In recognition of his service, the Game Commission presented Weaner with a framed wildlife art print.

Weaner said it was an honor to represent hunters who are so passionate about their sport and to work with Game Commission staff, many of whom are among the very best in their respective areas of expertise. He said he’s proud of improvements made to the deer program during his tenure, as well as additional opportunities approved for mentored youth hunters.

“This truly has been one of the most fun things I’ve done in my life,” Weaner said. “Thanks for eight great years. I enjoyed every bit of it.”


Anonymous said...

Does anyone out in computerland know if there was any tips called in about bigfoot? I thought i seen some flatlanders loading one in their trunk one night, but i didnt want to get involved.

Anonymous said...

I would like to see the statistics (if they are smart enough to keep them), about how many violators are non-residents or attend camps which are not near their 'legal address' immediate area.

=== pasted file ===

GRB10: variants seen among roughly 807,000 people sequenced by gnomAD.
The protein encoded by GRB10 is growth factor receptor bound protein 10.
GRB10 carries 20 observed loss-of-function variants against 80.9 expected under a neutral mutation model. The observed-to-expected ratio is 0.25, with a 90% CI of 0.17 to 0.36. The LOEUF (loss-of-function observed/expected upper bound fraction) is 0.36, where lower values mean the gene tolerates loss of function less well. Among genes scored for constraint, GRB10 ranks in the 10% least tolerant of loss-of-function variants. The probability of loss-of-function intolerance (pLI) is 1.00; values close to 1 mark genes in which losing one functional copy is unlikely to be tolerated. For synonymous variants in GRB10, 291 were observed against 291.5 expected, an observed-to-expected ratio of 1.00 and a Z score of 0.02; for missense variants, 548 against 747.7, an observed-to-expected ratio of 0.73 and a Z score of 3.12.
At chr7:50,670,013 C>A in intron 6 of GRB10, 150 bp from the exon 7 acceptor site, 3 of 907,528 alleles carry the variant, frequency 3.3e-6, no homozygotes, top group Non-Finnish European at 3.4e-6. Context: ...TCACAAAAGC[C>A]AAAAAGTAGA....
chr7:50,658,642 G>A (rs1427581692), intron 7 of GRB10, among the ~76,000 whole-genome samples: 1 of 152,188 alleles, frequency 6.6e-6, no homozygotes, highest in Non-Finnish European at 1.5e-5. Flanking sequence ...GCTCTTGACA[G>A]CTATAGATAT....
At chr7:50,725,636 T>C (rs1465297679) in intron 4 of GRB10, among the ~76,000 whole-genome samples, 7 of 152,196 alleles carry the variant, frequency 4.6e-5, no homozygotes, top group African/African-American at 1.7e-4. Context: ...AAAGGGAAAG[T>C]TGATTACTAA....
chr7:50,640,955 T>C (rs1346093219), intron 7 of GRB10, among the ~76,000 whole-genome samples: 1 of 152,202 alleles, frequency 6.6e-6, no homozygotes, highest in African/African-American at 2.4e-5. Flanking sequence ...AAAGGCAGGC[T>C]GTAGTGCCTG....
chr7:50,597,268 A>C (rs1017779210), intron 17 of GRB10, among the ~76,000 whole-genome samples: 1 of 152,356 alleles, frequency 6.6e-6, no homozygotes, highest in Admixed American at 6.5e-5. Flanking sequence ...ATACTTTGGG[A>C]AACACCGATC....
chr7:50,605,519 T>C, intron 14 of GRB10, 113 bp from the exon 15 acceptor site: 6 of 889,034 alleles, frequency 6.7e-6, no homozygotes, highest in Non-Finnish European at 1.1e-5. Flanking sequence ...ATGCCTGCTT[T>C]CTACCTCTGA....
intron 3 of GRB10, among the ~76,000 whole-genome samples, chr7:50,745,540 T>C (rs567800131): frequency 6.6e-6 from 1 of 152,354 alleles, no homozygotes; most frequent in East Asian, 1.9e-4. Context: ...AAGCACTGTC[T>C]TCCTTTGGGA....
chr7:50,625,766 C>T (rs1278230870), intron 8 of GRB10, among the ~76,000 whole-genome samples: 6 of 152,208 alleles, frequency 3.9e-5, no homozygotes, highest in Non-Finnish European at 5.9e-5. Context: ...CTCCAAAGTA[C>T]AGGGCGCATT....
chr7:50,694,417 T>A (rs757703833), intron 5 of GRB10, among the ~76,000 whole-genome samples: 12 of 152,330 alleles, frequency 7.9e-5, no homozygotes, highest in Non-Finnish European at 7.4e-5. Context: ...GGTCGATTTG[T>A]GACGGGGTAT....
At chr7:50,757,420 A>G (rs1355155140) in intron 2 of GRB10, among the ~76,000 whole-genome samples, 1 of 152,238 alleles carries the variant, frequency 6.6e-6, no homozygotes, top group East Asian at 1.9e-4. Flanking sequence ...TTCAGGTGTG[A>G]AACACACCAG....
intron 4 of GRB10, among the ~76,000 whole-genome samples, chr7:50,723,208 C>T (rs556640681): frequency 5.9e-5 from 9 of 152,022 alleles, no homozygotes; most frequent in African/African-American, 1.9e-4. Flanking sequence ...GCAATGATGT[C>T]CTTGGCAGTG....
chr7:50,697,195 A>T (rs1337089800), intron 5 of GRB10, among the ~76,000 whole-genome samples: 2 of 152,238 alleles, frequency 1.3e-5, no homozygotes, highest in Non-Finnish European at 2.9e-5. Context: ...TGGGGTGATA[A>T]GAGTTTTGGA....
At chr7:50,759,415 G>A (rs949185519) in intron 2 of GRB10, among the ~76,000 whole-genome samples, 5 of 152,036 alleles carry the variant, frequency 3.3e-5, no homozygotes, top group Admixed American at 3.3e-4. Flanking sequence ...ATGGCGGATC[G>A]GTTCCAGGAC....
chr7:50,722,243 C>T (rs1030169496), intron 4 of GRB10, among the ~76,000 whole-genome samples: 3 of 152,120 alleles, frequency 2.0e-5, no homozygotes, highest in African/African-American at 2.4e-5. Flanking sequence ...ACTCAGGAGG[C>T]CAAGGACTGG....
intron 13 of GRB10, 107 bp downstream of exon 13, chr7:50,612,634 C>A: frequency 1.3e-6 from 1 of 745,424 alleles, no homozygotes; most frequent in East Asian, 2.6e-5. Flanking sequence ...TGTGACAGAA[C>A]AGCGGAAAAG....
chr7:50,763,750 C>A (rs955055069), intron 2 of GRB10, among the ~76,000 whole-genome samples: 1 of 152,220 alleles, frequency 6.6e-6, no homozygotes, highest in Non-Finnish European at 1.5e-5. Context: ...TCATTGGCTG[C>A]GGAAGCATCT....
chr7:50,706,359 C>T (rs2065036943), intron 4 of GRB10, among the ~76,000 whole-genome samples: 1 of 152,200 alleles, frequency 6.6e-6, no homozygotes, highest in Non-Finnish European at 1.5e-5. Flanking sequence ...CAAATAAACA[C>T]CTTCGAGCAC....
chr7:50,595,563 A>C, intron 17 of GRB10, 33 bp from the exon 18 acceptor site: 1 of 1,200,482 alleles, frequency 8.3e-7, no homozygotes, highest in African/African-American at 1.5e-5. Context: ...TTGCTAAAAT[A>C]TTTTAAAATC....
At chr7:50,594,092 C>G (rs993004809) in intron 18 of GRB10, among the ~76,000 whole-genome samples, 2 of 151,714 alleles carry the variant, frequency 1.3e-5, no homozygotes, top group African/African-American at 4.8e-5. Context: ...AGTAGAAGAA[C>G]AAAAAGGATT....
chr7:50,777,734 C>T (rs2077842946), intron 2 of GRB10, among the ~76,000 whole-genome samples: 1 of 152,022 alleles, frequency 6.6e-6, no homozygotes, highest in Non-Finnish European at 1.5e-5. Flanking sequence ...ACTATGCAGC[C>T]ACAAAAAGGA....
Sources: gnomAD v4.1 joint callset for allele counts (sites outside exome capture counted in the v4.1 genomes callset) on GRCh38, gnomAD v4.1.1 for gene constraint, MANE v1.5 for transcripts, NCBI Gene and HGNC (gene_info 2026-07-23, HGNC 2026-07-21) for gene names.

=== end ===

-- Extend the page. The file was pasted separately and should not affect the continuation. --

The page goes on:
I gave up years ago contacting the game commission about the outlaws with camps around my town.
I really doubt that this program is working.

Anonymous said...

Yep, they sure did load big foot, not in the trunk of their vehicle, Ole Big Foot was too big so they put rope around him & drug him out of the wooded area !!!!!! LOL !!!!!!

Anonymous said...

620, Looks like you got out of the trunk and got back into computer land. Must be hard to type, with them big hairy fingers.

Anonymous said...

Oh you got me. You try typing with hairy sausage links

Anonymous said...

It would probably be less of a fine to punch your neighbor in the face than to commit a game law violation. What a joke, how about these morons pay for all the damage to vehicles caused by wildlife with the ludicrous fines they collect.

Anonymous said...

they should base the fines using a sliding scale based on the violator's income.